Homs: Arms licensing law raises prices, Political Security members impose royalties

The New Clock Square in the center of Homs city - 19 August 2018 (Enab Baladi)

The New Clock Square in the center of Homs city - 19 August 2018 (Enab Baladi)

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Homs – Orwah al-Mundhir

The government of the Syrian regime agreed to grant licenses to carry individual weapons only to the category of pistols, according to a law approved by the People’s Assembly on 28 February.

The approval of the government was not accompanied by securing legal sources to obtain weapons, and there are no shops licensed by the government to purchase them legally, although all citizens can apply for licenses to carry weapons in accordance with the law.

Black market dealers emerged as the most beneficiaries of the law, as those wishing to purchase and license a weapon had no choice but to buy from the black market merchants, who took advantage of the demand and raised the prices of military pistols, which rose significantly.

Licensing steps

The licensing phase begins with handing over the weapon to the police command in the governorate, then preparing a dossier that includes personal data, a photo, and a document from the Criminal Security Branch stating that the person in question has not committed any crime and a certificate of residence.

The dossier is transferred from the police command to the Political Security Branch in the governorate, which transfers it to the security department responsible for the applicant’s place of residence to conduct the necessary security study on the applicant.

After that, the “extortion” begins by the security forces of the applicants by requesting bribes amounting to about 500,000 SYP (125 USD) in exchange for submitting their request with approval.

Those who applied for a license are keen to obtain approval for fear of losing the gun that was handed over to the police headquarters. If the approval is not obtained, the applicant loses the right to retrieve the weapon from the police station.

Increase in purchase, maintenance

The prices of weapons in the city of Homs and in all areas under the control of the regime have increased by more than 30 percent since the approval of the licensing law, according to what Enab Baladi monitored.

Moussa (Enab Baladi withheld his last name for security reasons), a resident of the town of al-Houla, told Enab Baladi that the prices of weapons have increased in an unprecedented way and have become almost scarce.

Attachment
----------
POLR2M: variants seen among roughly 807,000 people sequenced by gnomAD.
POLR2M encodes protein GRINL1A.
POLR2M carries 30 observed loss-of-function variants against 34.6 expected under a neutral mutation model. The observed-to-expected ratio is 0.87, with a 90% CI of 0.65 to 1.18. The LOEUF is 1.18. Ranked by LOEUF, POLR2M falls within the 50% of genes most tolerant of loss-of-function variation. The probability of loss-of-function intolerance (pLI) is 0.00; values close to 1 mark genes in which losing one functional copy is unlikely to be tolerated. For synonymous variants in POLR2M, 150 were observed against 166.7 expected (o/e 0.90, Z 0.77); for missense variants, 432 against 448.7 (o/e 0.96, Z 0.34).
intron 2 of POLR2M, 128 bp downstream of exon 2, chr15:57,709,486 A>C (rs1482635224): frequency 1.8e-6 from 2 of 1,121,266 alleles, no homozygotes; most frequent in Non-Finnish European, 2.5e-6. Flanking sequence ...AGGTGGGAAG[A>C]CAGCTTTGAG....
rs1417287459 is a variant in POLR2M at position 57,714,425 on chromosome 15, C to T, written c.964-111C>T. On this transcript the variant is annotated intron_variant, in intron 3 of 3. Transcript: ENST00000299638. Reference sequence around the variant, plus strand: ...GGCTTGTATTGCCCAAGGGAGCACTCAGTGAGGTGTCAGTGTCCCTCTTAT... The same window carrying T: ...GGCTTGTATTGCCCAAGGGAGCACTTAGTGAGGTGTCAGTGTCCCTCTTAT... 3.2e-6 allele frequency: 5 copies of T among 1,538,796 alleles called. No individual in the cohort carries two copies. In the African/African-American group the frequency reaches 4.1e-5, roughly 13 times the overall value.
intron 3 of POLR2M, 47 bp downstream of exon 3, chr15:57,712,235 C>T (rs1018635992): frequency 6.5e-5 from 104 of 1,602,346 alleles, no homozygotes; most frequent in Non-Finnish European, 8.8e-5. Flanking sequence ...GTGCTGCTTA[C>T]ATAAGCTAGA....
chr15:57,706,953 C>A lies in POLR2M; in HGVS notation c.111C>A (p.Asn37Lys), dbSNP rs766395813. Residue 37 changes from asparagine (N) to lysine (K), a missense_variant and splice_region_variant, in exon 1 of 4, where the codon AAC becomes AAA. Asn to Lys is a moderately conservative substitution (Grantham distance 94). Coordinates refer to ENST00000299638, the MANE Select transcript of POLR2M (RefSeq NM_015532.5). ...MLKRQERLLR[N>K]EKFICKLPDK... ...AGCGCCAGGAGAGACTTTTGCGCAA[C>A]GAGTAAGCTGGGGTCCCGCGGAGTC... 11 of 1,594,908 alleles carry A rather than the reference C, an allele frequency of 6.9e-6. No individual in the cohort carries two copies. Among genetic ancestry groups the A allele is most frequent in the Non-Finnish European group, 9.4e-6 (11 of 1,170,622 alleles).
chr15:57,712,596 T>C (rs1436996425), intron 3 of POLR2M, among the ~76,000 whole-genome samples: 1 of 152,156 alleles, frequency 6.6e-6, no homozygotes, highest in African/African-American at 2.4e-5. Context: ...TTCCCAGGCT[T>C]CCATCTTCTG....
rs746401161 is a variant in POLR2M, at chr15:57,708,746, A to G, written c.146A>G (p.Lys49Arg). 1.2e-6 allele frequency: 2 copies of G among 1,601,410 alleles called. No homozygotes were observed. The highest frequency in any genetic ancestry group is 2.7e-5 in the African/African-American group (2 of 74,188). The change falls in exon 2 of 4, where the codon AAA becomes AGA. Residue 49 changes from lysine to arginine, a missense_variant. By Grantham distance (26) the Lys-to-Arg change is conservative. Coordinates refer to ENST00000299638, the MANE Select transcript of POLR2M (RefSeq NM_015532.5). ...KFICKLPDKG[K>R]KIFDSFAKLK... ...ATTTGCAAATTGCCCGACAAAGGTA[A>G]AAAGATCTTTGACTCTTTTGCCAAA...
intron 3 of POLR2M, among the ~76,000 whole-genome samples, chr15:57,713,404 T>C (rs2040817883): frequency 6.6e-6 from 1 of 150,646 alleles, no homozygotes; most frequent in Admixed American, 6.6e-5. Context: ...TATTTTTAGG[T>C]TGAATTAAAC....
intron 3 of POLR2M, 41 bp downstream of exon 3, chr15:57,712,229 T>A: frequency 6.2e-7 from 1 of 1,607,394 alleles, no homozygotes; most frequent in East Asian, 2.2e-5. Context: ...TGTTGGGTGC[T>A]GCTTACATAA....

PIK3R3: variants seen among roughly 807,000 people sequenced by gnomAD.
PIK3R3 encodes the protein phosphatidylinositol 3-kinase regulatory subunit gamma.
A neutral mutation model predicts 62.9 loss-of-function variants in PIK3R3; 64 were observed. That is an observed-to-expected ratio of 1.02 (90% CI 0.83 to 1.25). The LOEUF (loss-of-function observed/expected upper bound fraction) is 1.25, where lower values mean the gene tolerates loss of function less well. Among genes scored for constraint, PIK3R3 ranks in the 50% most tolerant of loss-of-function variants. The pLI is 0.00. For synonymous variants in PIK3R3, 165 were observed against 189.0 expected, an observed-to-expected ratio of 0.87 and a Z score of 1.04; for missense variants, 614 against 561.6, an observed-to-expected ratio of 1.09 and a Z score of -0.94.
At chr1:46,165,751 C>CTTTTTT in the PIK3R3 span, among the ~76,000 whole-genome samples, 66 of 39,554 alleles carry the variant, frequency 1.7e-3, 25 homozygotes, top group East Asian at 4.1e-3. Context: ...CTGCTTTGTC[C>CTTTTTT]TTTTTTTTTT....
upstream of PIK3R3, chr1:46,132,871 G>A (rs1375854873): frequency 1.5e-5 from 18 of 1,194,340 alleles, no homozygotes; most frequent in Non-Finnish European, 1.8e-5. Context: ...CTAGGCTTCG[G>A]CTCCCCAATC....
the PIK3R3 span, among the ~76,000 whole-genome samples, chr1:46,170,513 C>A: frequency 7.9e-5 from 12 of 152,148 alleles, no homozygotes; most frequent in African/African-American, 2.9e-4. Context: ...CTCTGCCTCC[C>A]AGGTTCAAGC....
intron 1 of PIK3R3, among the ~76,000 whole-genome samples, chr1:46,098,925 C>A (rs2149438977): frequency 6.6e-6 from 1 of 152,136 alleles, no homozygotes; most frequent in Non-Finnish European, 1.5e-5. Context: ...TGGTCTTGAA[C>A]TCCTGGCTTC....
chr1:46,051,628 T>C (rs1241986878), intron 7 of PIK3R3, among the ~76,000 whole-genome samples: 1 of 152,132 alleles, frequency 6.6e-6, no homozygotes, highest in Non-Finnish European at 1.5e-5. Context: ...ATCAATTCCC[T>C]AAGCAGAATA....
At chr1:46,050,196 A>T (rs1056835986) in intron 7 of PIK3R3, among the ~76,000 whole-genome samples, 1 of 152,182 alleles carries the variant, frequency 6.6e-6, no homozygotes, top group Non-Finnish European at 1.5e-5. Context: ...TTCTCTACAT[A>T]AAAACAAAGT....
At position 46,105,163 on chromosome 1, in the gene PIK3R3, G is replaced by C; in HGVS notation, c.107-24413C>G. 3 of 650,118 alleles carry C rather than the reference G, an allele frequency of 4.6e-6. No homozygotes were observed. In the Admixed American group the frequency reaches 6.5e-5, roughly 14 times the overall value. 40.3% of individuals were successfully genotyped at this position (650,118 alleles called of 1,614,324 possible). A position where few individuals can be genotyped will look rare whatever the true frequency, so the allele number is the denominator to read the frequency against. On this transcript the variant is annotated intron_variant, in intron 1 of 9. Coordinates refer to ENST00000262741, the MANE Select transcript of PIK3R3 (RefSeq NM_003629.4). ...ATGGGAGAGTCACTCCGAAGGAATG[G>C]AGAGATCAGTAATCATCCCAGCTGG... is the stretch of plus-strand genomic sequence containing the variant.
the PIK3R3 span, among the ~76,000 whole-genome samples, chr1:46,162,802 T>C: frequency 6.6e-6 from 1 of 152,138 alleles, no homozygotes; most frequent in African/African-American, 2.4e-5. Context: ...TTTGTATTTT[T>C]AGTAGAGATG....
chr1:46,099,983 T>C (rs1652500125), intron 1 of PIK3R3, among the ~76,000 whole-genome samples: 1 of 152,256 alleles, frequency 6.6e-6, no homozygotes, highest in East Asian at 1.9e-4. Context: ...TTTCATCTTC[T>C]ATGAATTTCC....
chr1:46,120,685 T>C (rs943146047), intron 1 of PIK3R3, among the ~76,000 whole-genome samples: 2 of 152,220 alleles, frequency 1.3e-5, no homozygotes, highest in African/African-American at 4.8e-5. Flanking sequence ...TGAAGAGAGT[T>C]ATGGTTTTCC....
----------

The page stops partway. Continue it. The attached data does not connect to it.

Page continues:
“The search for a 9mm pistol has become like looking for a needle in a haystack,” he said.

Moussa added that it was the black market dealers who reduced the display of licensable pistols in order to raise their price and achieve double profits after the licensing decision. The price of a 14-shot 9mm pistol, the famous Browning brand, rose from 4 million SYP (1000 USD) to 6 million SYP (1500 USD) amid the lack of availability.

While the prices of 7mm pistols did not increase much due to the general lack of bullets for them, he added.

Weapon repair workshops and changing their barcodes were remarkably active in the period that followed the law. Pistol owners who wish to license them resort to changing the serial numbers to remove their previous license or to ensure that there is no search warrant for the pistol.

Suleiman (Enab Baladi withheld his last name for security reasons), based in the town of al-Rastan, told Enab Baladi that he had bought a used pistol but had to change its number to avoid any problem that the pistol might cause, as the previous owners were not known.

The cost of changing the numbers and painting the pistol is currently estimated at 600,000 SYP (150 USD) after it did not exceed 200,000 SYP (50 USD) before the law was issued.

Royalties imposed

Preparing a security file for persons applying for a license to bear arms is one of the tasks of the Political Security Division, which allows its security members to impose large royalties on those applying for the license.

One of the applicants for a license, who preferred to identify himself as Nasser, from Talbiseh city, told Enab Baladi that members of the Political Security detachment asked him for 300,000 SYP (75 USD) in exchange for granting him the security approval.

Nasser added that he had to pay the amount to guarantee obtaining the license so that he could retrieve the pistol that he handed over to the Criminal Security Branch in Homs, which he bought for about 6.5 million SYP (about 1700 USD).

Former opposition fighters whose status was settled through a “reconciliation” agreement are not allowed to obtain an arms license, a member of the Political Security in Homs told Enab Baladi.

Weapons are widespread in regime-controlled areas and various regions of Syria. It is used in social occasions such as weddings or to resolve family disputes.

The regime’s Interior Ministry has set instructions for licensing weapons. “Every citizen has the right to license one combat pistol + 100 bullets in addition to two hunting rifles + 250 bullets for each rifle” for a period of five years, subject to renewal, according to the ministry’s official website.

According to the Numbeo website, which specializes in research and classification of indicators of living in countries, the Syrian capital, Damascus, ranks second in Asia in terms of crime rates after the Afghan capital, Kabul.

 

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